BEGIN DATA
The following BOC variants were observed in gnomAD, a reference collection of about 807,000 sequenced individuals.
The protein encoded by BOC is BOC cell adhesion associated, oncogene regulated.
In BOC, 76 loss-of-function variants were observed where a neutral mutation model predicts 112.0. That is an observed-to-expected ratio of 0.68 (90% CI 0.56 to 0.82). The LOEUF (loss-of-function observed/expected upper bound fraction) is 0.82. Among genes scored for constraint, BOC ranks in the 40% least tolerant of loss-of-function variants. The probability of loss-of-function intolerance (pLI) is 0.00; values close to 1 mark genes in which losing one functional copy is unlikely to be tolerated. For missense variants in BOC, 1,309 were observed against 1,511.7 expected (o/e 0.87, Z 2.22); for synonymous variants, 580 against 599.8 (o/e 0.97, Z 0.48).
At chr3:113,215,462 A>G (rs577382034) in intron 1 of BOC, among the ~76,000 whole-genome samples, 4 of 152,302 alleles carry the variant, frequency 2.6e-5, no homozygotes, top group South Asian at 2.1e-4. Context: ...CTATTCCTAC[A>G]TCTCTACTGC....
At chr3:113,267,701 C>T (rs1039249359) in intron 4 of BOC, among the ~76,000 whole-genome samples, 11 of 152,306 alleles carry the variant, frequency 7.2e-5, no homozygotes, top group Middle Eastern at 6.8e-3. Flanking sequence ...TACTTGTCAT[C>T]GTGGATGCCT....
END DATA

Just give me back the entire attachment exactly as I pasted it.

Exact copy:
The following BOC variants were observed in gnomAD, a reference collection of about 807,000 sequenced individuals.
The protein encoded by BOC is BOC cell adhesion associated, oncogene regulated.
In BOC, 76 loss-of-function variants were observed where a neutral mutation model predicts 112.0. That is an observed-to-expected ratio of 0.68 (90% CI 0.56 to 0.82). The LOEUF (loss-of-function observed/expected upper bound fraction) is 0.82. Among genes scored for constraint, BOC ranks in the 40% least tolerant of loss-of-function variants. The probability of loss-of-function intolerance (pLI) is 0.00; values close to 1 mark genes in which losing one functional copy is unlikely to be tolerated. For missense variants in BOC, 1,309 were observed against 1,511.7 expected (o/e 0.87, Z 2.22); for synonymous variants, 580 against 599.8 (o/e 0.97, Z 0.48).
At chr3:113,215,462 A>G (rs577382034) in intron 1 of BOC, among the ~76,000 whole-genome samples, 4 of 152,302 alleles carry the variant, frequency 2.6e-5, no homozygotes, top group South Asian at 2.1e-4. Context: ...CTATTCCTAC[A>G]TCTCTACTGC....
At chr3:113,267,701 C>T (rs1039249359) in intron 4 of BOC, among the ~76,000 whole-genome samples, 11 of 152,306 alleles carry the variant, frequency 7.2e-5, no homozygotes, top group Middle Eastern at 6.8e-3. Flanking sequence ...TACTTGTCAT[C>T]GTGGATGCCT....